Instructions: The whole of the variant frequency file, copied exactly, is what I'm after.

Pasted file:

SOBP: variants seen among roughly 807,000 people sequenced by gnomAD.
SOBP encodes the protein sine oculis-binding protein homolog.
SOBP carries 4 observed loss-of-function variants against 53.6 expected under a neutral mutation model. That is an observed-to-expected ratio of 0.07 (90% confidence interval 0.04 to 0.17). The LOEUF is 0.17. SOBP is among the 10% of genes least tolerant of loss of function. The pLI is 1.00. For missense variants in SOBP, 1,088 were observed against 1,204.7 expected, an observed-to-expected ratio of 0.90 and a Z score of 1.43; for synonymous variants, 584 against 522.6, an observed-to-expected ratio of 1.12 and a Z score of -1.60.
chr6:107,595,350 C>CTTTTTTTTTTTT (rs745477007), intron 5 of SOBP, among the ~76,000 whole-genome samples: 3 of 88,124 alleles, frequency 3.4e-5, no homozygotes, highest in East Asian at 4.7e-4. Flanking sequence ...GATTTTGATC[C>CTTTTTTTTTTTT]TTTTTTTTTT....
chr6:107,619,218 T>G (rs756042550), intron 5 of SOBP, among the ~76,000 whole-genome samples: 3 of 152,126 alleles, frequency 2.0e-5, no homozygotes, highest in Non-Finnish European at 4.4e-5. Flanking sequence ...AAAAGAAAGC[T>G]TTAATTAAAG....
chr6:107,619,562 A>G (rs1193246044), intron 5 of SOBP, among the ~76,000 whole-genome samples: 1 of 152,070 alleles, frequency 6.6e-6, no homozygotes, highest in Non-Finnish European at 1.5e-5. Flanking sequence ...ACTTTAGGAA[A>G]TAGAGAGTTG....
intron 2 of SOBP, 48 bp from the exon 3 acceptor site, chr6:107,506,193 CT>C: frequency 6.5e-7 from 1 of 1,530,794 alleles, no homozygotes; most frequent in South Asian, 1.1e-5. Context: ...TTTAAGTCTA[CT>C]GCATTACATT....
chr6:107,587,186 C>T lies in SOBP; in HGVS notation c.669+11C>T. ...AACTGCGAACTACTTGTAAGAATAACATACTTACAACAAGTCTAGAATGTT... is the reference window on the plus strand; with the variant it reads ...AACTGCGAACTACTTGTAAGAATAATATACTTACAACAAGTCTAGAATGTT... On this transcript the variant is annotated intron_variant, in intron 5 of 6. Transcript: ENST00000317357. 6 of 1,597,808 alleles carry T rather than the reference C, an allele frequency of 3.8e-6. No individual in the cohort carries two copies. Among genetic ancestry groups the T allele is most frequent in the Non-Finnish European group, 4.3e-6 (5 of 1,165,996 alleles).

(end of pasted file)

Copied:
SOBP: variants seen among roughly 807,000 people sequenced by gnomAD.
SOBP encodes the protein sine oculis-binding protein homolog.
SOBP carries 4 observed loss-of-function variants against 53.6 expected under a neutral mutation model. That is an observed-to-expected ratio of 0.07 (90% confidence interval 0.04 to 0.17). The LOEUF is 0.17. SOBP is among the 10% of genes least tolerant of loss of function. The pLI is 1.00. For missense variants in SOBP, 1,088 were observed against 1,204.7 expected, an observed-to-expected ratio of 0.90 and a Z score of 1.43; for synonymous variants, 584 against 522.6, an observed-to-expected ratio of 1.12 and a Z score of -1.60.
chr6:107,595,350 C>CTTTTTTTTTTTT (rs745477007), intron 5 of SOBP, among the ~76,000 whole-genome samples: 3 of 88,124 alleles, frequency 3.4e-5, no homozygotes, highest in East Asian at 4.7e-4. Flanking sequence ...GATTTTGATC[C>CTTTTTTTTTTTT]TTTTTTTTTT....
chr6:107,619,218 T>G (rs756042550), intron 5 of SOBP, among the ~76,000 whole-genome samples: 3 of 152,126 alleles, frequency 2.0e-5, no homozygotes, highest in Non-Finnish European at 4.4e-5. Flanking sequence ...AAAAGAAAGC[T>G]TTAATTAAAG....
chr6:107,619,562 A>G (rs1193246044), intron 5 of SOBP, among the ~76,000 whole-genome samples: 1 of 152,070 alleles, frequency 6.6e-6, no homozygotes, highest in Non-Finnish European at 1.5e-5. Flanking sequence ...ACTTTAGGAA[A>G]TAGAGAGTTG....
intron 2 of SOBP, 48 bp from the exon 3 acceptor site, chr6:107,506,193 CT>C: frequency 6.5e-7 from 1 of 1,530,794 alleles, no homozygotes; most frequent in South Asian, 1.1e-5. Context: ...TTTAAGTCTA[CT>C]GCATTACATT....
chr6:107,587,186 C>T lies in SOBP; in HGVS notation c.669+11C>T. ...AACTGCGAACTACTTGTAAGAATAACATACTTACAACAAGTCTAGAATGTT... is the reference window on the plus strand; with the variant it reads ...AACTGCGAACTACTTGTAAGAATAATATACTTACAACAAGTCTAGAATGTT... On this transcript the variant is annotated intron_variant, in intron 5 of 6. Transcript: ENST00000317357. 6 of 1,597,808 alleles carry T rather than the reference C, an allele frequency of 3.8e-6. No individual in the cohort carries two copies. Among genetic ancestry groups the T allele is most frequent in the Non-Finnish European group, 4.3e-6 (5 of 1,165,996 alleles).